In that entry, there was a kind of naiveté—there was never to be any link between the racists he was decrying and Kennedy's murder—and a degree of venom that contrasts with the sincere search for God that shines through The Seven Storey Mountain and much of his subsequent writings.
Five months later, Merton was in Lexington with a friend, the Protestant theologian Donald Allchin, and stopped for dinner. Watching the news over a couple of Danish beers, images of tanks in Vietnam were interrupted by news out of Memphis.
"The murder of Martin Luther King lay on top of the traveling car like an animal, a beast of the apocalypse," he would write the next day about the ride back to the monastery. "It finally confirmed all of the apprehensions—the feeling that 1968 is a beast of a year, that things are finally and inexorably spelling themselves out."
Two months later, carrying his laundry from his hermitage to the abbey, he saw a flag flying at half-staff. "I asked someone if Robert Kennedy was dead. Of course he was," he wrote in his diary.
It wasn't just the evilness of the times that had him down. Merton had also been struggling all that previous year over his place at the monastery. In October of 1967, he wrote of his doubts with a kind of bluntness that would characterize much of the work published after his death.
"The ambiguities at work here: The pretend 'roots' at Gethsemani, where I am alien and where most everyone else is alien too," he wrote on Oct. 2. "Yet, paradoxically, to many people I am completely identified with this strange place I can't firmly believe in. Where all these people with vows of stability are so obviously on the point of taking flight (and don't know it) or else simply staying by force of repression.
"Even the ones who are at home here remain alien though they don't realize it. … Certainly their deep investment in the place is so complete that they are inseparable from it. And all the dead whom no one remembers. … Yet there is no where else I want to go."
Even that last sentiment—of having no place he would rather be—began to fade by 1968. A trip to California's redwoods and to an isolated retreat in the central California mountains had left him restless.
"In our monasteries we have been content to find our way to a kind of peace, a simple, undisturbed and thoughtful life," he wrote in May of his final year. "This is certainly good, but is it enough? I, for one, realize that now I need more. Not simply to be quiet, somewhat productive, to pray, to read, to cultivate leisure. There is a need of effort, deepening, change and transformation."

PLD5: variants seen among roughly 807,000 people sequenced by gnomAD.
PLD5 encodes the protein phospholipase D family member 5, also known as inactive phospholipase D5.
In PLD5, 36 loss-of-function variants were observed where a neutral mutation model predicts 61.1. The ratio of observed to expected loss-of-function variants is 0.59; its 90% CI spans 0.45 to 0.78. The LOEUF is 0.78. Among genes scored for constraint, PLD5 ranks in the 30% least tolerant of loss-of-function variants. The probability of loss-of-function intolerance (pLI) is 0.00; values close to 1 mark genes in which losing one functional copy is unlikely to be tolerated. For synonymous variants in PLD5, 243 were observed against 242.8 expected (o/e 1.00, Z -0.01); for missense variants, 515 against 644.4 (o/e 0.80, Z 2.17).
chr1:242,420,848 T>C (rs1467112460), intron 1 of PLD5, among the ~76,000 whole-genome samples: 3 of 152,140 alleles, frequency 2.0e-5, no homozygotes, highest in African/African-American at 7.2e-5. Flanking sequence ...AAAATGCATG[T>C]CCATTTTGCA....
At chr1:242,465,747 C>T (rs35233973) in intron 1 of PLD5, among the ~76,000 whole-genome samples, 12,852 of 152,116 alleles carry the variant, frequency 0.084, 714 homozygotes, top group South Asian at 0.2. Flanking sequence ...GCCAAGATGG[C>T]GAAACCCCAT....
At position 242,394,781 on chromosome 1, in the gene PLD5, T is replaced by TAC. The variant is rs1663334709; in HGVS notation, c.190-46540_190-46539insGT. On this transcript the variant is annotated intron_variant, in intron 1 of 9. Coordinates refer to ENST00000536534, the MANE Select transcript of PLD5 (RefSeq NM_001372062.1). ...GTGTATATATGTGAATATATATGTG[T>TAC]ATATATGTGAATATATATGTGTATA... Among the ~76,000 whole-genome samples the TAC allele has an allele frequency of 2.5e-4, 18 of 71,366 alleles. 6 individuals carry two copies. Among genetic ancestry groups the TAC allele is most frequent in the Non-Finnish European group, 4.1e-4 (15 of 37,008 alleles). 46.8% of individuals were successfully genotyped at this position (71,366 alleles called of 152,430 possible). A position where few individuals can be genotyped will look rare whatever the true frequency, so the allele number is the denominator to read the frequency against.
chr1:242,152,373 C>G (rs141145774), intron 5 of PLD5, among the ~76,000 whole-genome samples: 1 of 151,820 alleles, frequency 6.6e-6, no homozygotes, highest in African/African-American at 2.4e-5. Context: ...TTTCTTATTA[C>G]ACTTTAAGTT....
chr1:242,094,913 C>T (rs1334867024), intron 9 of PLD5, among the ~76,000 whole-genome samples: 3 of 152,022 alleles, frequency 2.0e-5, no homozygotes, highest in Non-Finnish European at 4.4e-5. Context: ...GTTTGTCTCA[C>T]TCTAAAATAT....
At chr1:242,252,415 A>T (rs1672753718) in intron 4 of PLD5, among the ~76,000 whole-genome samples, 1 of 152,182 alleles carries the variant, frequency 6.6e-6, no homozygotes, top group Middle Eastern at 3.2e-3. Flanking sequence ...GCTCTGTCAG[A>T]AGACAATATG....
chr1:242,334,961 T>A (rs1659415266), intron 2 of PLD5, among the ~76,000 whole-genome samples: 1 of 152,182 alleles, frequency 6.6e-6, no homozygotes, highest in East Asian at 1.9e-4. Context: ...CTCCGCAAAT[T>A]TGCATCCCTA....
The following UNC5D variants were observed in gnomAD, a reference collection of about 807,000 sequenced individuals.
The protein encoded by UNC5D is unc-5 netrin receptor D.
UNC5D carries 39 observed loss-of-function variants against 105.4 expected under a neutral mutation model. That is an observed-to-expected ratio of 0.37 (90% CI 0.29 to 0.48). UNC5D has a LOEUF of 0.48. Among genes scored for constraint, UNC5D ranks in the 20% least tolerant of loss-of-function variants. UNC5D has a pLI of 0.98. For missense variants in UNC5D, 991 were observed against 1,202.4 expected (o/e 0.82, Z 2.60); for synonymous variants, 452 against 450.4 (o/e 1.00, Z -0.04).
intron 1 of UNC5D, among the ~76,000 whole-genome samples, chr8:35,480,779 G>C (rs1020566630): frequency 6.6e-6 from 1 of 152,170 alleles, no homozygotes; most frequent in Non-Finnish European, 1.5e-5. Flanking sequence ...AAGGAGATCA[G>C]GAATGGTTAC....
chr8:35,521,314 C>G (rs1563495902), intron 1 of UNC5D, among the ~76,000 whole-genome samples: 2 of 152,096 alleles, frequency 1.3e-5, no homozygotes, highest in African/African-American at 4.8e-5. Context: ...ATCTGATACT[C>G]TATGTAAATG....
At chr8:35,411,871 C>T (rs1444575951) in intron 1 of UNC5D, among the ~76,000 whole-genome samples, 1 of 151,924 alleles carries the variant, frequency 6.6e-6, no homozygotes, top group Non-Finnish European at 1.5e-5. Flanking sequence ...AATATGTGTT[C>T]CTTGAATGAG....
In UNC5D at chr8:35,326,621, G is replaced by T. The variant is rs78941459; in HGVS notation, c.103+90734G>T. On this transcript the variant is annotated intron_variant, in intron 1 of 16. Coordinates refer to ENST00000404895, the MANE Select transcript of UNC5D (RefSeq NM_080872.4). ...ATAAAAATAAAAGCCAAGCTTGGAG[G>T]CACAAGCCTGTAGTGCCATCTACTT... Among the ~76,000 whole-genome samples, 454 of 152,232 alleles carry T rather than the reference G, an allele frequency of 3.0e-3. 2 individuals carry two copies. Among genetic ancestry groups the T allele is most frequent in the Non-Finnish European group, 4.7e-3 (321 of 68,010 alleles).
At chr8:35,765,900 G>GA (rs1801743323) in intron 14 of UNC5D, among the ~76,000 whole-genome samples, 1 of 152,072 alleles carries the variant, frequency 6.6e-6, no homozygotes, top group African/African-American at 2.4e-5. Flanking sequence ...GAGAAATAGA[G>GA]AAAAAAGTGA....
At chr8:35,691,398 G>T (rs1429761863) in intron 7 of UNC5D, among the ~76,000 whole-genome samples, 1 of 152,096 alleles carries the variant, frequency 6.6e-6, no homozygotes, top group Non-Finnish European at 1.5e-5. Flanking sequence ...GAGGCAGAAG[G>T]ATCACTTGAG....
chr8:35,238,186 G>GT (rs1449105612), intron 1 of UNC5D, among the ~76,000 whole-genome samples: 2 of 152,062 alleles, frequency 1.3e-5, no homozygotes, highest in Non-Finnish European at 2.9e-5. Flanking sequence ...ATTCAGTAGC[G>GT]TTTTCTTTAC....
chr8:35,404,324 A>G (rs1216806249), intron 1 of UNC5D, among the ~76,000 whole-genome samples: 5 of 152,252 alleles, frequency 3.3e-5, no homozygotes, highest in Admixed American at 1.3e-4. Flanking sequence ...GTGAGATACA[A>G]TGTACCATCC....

Merton caught a break of sorts later that year when his abbot gave him permission to attend a conference in Bangkok, where he would exchange views with many leading figures in Eastern religions, including Buddhist and Hindu sages. As the trip neared, Merton began to realize how big a step this trip was for him, he who had been confined to his abbey for so much of his life.
"In eight weeks, I am to leave here," he wrote on July 29, 1968. "Who knows, I may not come back. Not that I expect anything to go wrong—though it might. … In any case, I don't expect to be back for a few months."
By late summer, the sense of change had taken stronger root. In September, he wrote, "It is hard to believe that this is my last night at Gethsemani for some time—at least for several months. … I go with a completely open mind. I hope without special illusions. My hope is simply to enjoy the long journey, profit by it, learn, change."
Much has been made of Merton's trip East. Over the next two-and-half months, he would tour the slums of Calcutta, meet with Hindu mystics, and climb the long mountain steps to Tibetan temples. He met three times with the Dalai Lama, enough so that he would write in his journal that he was convinced he had made a lifelong friend. (For his part, the Dalai Lama has honored that prediction by traveling to the abbey and sending monks on other occasions to chant in Louisville and for the monks.)
As Governor Beshear considers the Louisville leaders' request to honor Merton with a bridge that will run parallel to one named for John F. Kennedy, it's worth noting that it's far from clear whether Merton intended to return to Kentucky had his journey not been cut short. But it's clear from his journals that even amid the euphoria he felt in making contact with the Eastern mystics, his thoughts turned back not just to his own Catholic faith, but to his humble shack placed among the pines on the abbey's 2,000 acres.
We'll never know what the future held for Merton, but what makes him such a fitting choice for the new Ohio River bridge is that even from such a remote place as inside a Cistercian abbey, he spent his life trying to build bridges of his own. He tried to bridge the traditional and modern tendencies in his own church, a stance that made him a radical in his day, but which has at long last found favor in the words of the Pope.
He also tried to bridge a dialogue still sadly needed between starkly different faiths in the world, and between believers and non-believers. In his writings, he cautioned against contempt for atheists. The righteousness of the faithful, he warned, may have been precisely what caused the nonbeliever to lose faith in the first place.
And finally, Merton spent his life testing the distance between the forces within each of us, seeking to bridge the gap between our own search for that which is permanent and of lasting value and the press of the world about us, with all its interminable claims on our time, our hearts, and our minds.
Today is Election Day in Kentucky, leaving Beshear a month more to decide whether to honor Merton, Ali, or some other figure with a name for the nearly complete bridge. Once it's open to traffic, motorists will be paying a toll to cross the river, and in that sense a name like Merton's will go a long way to remind travelers of the same contradictory impulses that the late monk spent his life grappling with. Life is a struggle between paying the tolls required of us and finding space to leave something of ourselves behind for those who are here when we are gone.